A look at some of the lives lost in Nova Scotia mass shooting
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Hey there, time traveller!
This article was published 21/04/2020 (1134 days ago), so information in it may no longer be current.
PORTAPIQUE, N.S. – The victims in one of Canada’s worst mass killings include an RCMP officer, a teacher, two nurses, neighbours of the shooter and two correctional officers killed in their home.
Here is a look at some of the lives lost:
Hyslop was killed while out for a morning stroll in Wentworth Valley, N.S. on Sunday morning, says neighbour and fellow walker Heather Matthews.
Matthews says Hyslop could often be spotted striding through the neighbourhood on one of her frequent walks.
Hyslop was also known for her “community spirit,” and could be counted on to contribute to local suppers and activities, says Matthews.
Dawn Madsen and Frank Gulenchyn
The couple lived in the Durham region in southern Ontario before moving to Nova Scotia, where they were among the victims of this weekend’s violence, a municipal official said.
John Henry, regional chair and chief executive officer of the Regional Municipality of Durham, extended his condolences to the couple’s family in a statement Monday.
Madsen worked at the Hillsdale Terraces long-term care home in Oshawa for decades before retiring in 2019, Henry said.
Online videos show a procession of emergency vehicles driving by an Oshawa home to pay their respects to Madsen’s sons Jon and Ryan Farrington.
Webber had gone on a family errand toward the Shubenacadie, N.S., area, about 50 kilometres northwest of Halifax, when he was killed.
Coun. Steve Streatch, who lives four houses away from Webber in the rural community of Antrim, said he was “a fine young man who lived in the community of the Musquodoboit Valley, and it’s a tragic loss.”
Streatch said Webber worked in the woods, often using traditional methods, and is survived by young daughters.
“He had a good outlook. He always had a big smile, and a lot of times that’s hard to find in people. Often in the morning I would drive by to council and I’d see him at the bus stop with his children,” Streatch said.
“He always waved and had a big smile on this face.”
Bagley died while “trying to help,” his daughter Charlene Bagley says.
His neighbours in Wentworth, N.S., say Bagley, a military veteran and retired firefighter, was killed Sunday morning as he walked toward a burning home on Hunter Road.
“If you knew him, you knew that was just who he was all the time,” Charlene Bagley wrote in a Facebook post.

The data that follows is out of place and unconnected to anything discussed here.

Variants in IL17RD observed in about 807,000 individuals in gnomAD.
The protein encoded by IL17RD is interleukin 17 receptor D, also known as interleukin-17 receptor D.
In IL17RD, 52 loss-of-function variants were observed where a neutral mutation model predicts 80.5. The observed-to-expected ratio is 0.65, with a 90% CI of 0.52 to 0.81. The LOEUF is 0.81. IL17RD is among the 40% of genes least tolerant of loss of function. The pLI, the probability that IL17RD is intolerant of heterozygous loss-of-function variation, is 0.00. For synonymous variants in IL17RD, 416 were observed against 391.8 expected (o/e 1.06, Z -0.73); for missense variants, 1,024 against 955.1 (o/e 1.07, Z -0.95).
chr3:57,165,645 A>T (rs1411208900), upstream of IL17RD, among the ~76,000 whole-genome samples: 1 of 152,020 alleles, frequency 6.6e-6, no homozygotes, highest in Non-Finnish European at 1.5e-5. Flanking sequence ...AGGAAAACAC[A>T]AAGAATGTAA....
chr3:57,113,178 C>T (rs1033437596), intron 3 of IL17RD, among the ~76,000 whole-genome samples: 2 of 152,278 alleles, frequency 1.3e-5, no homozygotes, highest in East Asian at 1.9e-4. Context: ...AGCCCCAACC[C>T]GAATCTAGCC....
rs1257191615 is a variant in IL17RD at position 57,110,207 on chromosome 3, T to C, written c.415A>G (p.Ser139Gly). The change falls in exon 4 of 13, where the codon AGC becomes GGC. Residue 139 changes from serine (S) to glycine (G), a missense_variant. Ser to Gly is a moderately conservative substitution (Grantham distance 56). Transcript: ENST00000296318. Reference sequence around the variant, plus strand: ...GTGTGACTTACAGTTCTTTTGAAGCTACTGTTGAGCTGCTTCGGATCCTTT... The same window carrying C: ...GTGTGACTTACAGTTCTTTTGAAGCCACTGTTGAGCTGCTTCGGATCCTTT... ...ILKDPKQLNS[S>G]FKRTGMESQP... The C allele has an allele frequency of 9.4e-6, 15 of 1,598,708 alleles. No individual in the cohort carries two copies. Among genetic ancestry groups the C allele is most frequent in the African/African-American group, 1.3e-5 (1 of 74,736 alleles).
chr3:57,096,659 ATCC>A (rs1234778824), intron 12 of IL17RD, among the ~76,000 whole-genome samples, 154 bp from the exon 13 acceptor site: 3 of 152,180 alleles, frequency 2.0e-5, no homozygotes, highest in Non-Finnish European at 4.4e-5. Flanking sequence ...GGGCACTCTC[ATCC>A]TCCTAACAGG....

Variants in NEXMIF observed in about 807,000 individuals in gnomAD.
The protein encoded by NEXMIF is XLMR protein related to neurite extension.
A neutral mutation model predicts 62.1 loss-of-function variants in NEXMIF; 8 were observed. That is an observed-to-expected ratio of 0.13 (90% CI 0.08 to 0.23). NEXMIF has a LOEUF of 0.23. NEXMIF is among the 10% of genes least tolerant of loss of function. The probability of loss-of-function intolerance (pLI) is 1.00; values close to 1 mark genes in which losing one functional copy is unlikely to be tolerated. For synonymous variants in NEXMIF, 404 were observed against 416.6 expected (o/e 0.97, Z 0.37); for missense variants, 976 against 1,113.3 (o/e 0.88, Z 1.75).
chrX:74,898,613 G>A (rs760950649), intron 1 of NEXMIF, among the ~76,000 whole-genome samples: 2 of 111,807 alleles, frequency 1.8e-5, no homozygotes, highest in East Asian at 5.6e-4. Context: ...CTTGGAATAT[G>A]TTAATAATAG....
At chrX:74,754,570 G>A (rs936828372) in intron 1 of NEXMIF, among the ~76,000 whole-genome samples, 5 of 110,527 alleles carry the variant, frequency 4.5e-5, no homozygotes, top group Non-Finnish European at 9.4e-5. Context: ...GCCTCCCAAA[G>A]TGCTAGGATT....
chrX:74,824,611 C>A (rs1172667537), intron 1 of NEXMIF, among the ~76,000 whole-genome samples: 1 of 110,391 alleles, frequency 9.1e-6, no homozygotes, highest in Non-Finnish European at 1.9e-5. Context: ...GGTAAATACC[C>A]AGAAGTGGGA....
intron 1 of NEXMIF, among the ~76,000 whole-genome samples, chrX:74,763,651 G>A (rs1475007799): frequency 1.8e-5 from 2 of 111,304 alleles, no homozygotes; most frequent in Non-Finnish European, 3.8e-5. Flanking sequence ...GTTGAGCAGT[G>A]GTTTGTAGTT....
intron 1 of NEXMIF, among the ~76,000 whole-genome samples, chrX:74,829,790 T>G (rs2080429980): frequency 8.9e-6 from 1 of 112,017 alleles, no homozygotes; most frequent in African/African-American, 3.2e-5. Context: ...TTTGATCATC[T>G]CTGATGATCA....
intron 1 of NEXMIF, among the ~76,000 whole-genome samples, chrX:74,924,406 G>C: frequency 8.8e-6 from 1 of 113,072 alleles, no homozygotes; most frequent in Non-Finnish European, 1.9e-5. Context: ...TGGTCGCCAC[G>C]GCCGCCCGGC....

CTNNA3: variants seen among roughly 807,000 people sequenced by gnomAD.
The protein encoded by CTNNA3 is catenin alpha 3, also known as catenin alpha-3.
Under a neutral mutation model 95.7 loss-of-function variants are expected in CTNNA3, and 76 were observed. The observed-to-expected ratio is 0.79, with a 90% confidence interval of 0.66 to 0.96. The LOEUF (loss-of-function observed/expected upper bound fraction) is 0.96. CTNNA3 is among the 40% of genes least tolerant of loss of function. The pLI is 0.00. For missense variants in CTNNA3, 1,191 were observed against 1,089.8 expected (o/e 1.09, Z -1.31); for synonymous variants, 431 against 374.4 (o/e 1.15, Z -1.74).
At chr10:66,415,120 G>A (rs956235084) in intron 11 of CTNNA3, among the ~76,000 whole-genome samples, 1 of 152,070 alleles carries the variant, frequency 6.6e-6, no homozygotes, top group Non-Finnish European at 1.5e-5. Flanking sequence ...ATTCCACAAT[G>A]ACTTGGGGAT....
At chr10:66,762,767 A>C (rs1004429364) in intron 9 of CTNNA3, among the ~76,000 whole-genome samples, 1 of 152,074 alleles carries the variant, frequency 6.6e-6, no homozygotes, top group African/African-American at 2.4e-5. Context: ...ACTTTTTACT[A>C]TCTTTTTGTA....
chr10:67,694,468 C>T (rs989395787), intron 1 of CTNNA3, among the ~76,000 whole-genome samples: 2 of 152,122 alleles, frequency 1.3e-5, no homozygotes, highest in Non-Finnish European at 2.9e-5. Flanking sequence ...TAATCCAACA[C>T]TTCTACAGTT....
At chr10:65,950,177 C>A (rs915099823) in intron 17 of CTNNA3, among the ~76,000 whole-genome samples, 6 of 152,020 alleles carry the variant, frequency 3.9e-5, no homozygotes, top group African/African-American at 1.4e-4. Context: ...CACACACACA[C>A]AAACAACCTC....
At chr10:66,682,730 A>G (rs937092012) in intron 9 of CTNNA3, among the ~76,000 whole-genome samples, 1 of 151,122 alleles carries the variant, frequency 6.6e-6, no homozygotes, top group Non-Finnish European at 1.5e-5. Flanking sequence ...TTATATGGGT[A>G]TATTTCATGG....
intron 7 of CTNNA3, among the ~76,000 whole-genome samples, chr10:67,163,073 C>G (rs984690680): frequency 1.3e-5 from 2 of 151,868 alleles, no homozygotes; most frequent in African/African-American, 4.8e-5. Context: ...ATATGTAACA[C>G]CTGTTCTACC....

Bagley served as a firefighter at the Halifax Stanfield International Airport from 1975 to 2006, a spokeswoman for the airport authority said in an email.
Ellison, 42, was remembered Monday as a thoughtful, kind friend who went out of his way to help others.
“He’s the type of person that I don’t think anybody would want to see that happen to him,” his father Richard Ellison says.
Corrie Ellison lived in Truro, N.S., but was visiting his father in Portapique when he was killed. Richard Ellison declined to comment on how his son died.
Ashley Fennell says she was good friends with Corrie Ellison for almost a decade. She describes him as “a beautiful soul.”
Corrie Ellison was on disability support because of an old injury. He had no children of his own but he loved kids, Fennell says.
He would join Fennell and her son swimming in the summer and last Christmas, he offered some money for her son’s gifts. He once paid for Fennell to take her son on a trip to a water park when she was struggling.
“I would call him, and it didn’t matter what he was doing, he would jump for me,” she says.
He had texted her about picking up a cigarette roller about a week ago, but the two never arranged a time with the ongoing pandemic. Fennell didn’t know it would be the last time she talked to her friend.
“I didn’t text him back right away and now I’m regretting all this,” she says. “He was just such a nice guy.”
Jolene Oliver, Aaron Tuck and Emily Tuck
The family members were neighbours of the shooter. Oliver’s sister, Tammy Oliver-McCurdie, said the three were found dead in their Portapique, N.S., home.
Oliver was turning 40 this year and her husband was 45. Their daughter, Emily, was 17.
They had moved to the community after Tuck’s father died a few years ago.
“No matter how much they went through in life they always stayed together, and there was times that they had nothing,” Oliver-McCurdie said.
The sisters grew up in Calgary and remained close into adulthood. Oliver-McCurdie said Oliver was a people person who loved working as a waitress, which she did for most of her life.
“She was such a great listener.”
Emily was an intelligent girl who had plans to continue her education, but couldn’t decide whether to pursue art or welding, her aunt said.
“That kid was so bright. She knew how to weld. She knew how to fix cars. She played the violin.”
Sean McLeod and Alanna Jenkins